Was Warren G. Harding America's First Black President?
Q: There is a lot of talk about Mr. Obama becoming the first black president. I don't think he would be the first. President Warren G. Harding had black ancestors, so based on the definition of race during his time he should rightly be considered a black man. Harding was no less a black man than Homer Plessy, Adam Clayton Powell, Walter White, or Charles Drew.
-- Keith Samuels - New York, New York
A: Racial and national identities have a long, complex, and often unfortunate, association. The current discussions about Barack Obama's chances to become the first black president of "post-racial America" mark the latest attempt to define race as it relates to the presidency. The current incarnation of this debate has created an unlikely link between former president Warren G. Harding and Barack Obama as pundits and bloggers search for a historical precedent. Since the time of George Washington the president has stood as the symbolic head of state, as the embodiment of what it meant to be an American at a given point in time. We celebrate presidential birthplaces, log cabins, and graves as sacred ground in our civic identity. This is why the racial identity of men who have held the office is important and the source of the significance attached to the intersection of the race and the presidency. Whether interrogating the slave-holding status of the Founding Fathers or examining the relationship between Thomas Jefferson and Sally Hemings, the presidency is one of the places we debate America's "original sin." To earlier generations of voters, the idea that anyone other than a white man might fill that symbolic role was unthinkable. Some see the Obama candidacy as providing an opportunity to move beyond this debate and absolve ourselves of the sin of racism. This is a far cry from what the race debate meant for Warren G. Harding.
In short, there are two elements to the issue of whether or not Harding (or one of the other four or five possible candidates) was the first black president. The two are linked but one is significantly more important than the other. The first is whether or not Harding had a black ancestor. The second, and the more important, boils down to whether or not there is a racial qualification to be president. Although it seems obvious that all of our presidents have been white, some Americans believe that a few presidents had black ancestors, thereby making them black under the outdated and racist "one-drop rule."
Harding is at the top of the list of presidents who have been categorized as black. This line of thought goes back to the obsession that many 19th and early 20th century Americans had with "blood lines" during what is a time when the "one drop rule" was used to define race. Segregationists and Social Darwinists found it important to be able to define race and so argued that any person with a black ancestor was black. In today's world, overt racism is frowned upon in the public sphere, people can self-select from a range of ethnicities and races on the census, and intellectuals discuss race as a social construction. Current discussions of "post-racialism" are a near inversion of the understanding of race that prevailed a century ago. Obama's responses to racially charged issues have been measured and stand in a clear contrast to the role that race played in Harding's campaign for the presidency in 1920.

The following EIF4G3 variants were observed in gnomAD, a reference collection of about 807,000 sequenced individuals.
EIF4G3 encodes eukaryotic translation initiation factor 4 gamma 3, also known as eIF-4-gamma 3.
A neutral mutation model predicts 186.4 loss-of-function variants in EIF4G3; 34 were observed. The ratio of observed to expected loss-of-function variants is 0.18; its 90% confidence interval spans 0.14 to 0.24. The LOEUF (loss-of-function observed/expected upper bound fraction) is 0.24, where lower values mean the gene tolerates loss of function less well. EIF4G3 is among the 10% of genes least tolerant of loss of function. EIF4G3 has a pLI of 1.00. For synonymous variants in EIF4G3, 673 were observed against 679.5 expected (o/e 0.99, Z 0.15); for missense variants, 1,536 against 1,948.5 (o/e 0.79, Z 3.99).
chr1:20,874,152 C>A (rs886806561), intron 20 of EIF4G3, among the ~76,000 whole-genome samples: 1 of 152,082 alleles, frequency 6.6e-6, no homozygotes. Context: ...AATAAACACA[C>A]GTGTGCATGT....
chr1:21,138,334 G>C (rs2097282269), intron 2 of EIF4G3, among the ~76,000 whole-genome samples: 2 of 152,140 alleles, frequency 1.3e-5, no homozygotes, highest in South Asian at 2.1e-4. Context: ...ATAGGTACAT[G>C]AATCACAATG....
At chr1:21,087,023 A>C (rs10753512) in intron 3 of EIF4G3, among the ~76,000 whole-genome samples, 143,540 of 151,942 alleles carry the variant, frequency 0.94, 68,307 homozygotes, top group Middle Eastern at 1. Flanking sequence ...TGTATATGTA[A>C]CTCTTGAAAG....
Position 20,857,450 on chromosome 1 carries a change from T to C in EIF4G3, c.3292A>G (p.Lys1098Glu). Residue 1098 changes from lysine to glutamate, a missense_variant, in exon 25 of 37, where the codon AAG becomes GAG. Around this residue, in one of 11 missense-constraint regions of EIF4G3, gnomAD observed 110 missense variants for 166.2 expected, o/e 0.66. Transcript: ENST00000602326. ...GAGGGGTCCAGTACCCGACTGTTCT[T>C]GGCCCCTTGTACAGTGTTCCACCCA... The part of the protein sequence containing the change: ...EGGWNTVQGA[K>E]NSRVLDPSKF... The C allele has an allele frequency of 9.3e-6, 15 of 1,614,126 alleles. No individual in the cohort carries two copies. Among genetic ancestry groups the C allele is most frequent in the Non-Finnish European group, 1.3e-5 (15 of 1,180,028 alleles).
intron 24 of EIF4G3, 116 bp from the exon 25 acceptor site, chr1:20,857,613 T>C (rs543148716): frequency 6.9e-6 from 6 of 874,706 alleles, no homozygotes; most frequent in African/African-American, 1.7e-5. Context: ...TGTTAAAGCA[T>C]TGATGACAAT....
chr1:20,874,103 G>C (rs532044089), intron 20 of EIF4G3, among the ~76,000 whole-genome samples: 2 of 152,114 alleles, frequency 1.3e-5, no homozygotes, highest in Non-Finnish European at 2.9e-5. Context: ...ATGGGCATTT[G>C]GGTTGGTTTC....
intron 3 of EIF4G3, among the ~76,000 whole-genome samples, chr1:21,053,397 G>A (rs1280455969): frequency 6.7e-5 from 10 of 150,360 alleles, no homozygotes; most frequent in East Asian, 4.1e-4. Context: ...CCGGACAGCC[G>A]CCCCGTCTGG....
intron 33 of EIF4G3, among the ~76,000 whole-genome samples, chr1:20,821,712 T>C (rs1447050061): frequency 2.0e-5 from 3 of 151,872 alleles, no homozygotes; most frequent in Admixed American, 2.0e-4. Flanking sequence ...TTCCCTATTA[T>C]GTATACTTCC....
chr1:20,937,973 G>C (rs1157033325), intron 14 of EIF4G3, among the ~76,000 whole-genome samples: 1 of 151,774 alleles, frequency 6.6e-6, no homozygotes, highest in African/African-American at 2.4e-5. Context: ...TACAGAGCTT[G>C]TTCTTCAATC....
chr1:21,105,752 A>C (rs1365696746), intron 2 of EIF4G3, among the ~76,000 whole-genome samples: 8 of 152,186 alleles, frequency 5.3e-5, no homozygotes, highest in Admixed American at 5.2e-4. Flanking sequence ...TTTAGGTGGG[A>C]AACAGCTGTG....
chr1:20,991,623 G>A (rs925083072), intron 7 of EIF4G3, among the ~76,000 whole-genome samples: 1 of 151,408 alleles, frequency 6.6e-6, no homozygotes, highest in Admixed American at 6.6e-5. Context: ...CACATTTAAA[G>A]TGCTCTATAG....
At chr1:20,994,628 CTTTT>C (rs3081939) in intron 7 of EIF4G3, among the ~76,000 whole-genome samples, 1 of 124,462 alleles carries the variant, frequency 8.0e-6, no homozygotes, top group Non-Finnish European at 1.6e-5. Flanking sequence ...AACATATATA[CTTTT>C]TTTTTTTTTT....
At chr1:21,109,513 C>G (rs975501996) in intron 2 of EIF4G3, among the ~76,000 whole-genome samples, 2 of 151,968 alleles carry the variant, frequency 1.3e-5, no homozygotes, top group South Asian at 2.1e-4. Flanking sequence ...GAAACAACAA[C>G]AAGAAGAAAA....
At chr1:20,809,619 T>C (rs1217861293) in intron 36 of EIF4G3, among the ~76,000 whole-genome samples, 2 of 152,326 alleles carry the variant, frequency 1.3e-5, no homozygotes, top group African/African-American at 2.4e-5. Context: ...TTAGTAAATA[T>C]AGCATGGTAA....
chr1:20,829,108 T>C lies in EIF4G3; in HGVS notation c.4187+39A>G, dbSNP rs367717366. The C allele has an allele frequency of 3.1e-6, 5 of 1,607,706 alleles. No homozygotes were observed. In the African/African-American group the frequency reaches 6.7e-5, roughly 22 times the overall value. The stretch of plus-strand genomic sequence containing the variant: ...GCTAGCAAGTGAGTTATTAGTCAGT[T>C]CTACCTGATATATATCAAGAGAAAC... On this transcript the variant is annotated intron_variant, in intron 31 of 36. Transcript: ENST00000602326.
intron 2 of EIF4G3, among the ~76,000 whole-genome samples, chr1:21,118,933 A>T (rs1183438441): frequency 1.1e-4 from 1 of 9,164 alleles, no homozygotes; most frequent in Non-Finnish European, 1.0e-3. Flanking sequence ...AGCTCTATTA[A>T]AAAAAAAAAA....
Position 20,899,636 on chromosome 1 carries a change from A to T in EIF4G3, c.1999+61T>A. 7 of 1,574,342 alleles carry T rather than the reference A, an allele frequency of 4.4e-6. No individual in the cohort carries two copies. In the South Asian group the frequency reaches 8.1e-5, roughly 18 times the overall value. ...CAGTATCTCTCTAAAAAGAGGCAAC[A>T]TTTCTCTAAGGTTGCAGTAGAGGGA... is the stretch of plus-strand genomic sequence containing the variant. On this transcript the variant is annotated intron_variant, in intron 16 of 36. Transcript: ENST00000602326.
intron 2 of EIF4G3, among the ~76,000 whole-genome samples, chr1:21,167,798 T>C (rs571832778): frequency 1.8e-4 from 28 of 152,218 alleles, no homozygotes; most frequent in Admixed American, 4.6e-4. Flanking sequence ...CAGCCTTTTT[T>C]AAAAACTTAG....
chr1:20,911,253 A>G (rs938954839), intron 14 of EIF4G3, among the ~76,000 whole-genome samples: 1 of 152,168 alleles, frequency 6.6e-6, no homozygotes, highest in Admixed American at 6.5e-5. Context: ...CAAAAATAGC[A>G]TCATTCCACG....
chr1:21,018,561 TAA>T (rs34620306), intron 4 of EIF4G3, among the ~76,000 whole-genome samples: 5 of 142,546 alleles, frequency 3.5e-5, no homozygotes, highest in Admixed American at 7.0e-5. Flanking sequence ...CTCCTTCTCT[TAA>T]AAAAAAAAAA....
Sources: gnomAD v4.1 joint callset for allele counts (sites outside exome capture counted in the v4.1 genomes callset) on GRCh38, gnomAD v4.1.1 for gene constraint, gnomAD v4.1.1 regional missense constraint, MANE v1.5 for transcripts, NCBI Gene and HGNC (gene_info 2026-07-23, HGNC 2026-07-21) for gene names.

The issue of race was injected into the 1920 presidential campaign as part of an effort to sink the campaign of Harding, the Republican nominee. William Estabrook Chancellor, a professor at the College of Wooster, attempted to destroy Harding's candidacy by charging that he was a "hybrid," an "octoroon" descended from "Negro" ancestors. Chancellor was a devoted scientific racist. He was also an avid Democrat who worshipped outgoing president Woodrow Wilson. In short, Chancellor argued that Harding's supposed mixed racial ancestry disqualified him for the presidency. He believed that the American public would agree with him, warning Americans that electing Harding could endanger white supremacy.
What did Chancellor offer as evidence of Harding's ancestry? Chancellor found people in central and northern Ohio who were willing to testify that members of the Harding family were black. They offered a variety of stories with little consistency and no hard evidence; indeed, Chancellor and many of those he interviewed dealt in the worst stereotypes of black promiscuity or vague descriptions of physical appearance. Perhaps the only thing more confusing and inconclusive than Chancellor's evidence was the genealogy that the Republicans created to counter Chancellor's charges in an attempt to document Harding's "blue-eyed stock." Rather famously, Harding refused to comment on the "scandal," privately noting that for all he knew one of his ancestors might have "jumped the fence."
Harding's era was one of the lowest points in American history for race relations. In reaction against the Great Migration, whites rioted against blacks throughout northern communities (including Harding's own hometown of Marion, Ohio) and the recently-revived Ku Klux Klan rose in popularity after the release of Birth of a Nation. As president, Harding spoke out against the Klan and gave a speech in Birmingham that was surprisingly thoughtful for a man who was not supposed to be thoughtful. By modern standards, the speech was not particularly progressive, but he did call for qualified blacks to vote. Of course, they probably would have voted Republican but nonetheless it took courage in 1920 to stand in Alabama and say that. He set America's racial difficulties in a national and global context, noting that racial and ethnic tensions plagued the world in the wake of the Great War. Some academic historians have argued that Harding's address was the most significant speech on race given by any president since Grant. Indeed, a critical charge against Harding, according to Chancellor, was that Harding was sympathetic to the plight of black Americans. Despite the promise of his speech, African Americans were disappointed with Harding's record; in his short administration (two years and five months) Harding did little that benefited African Americans.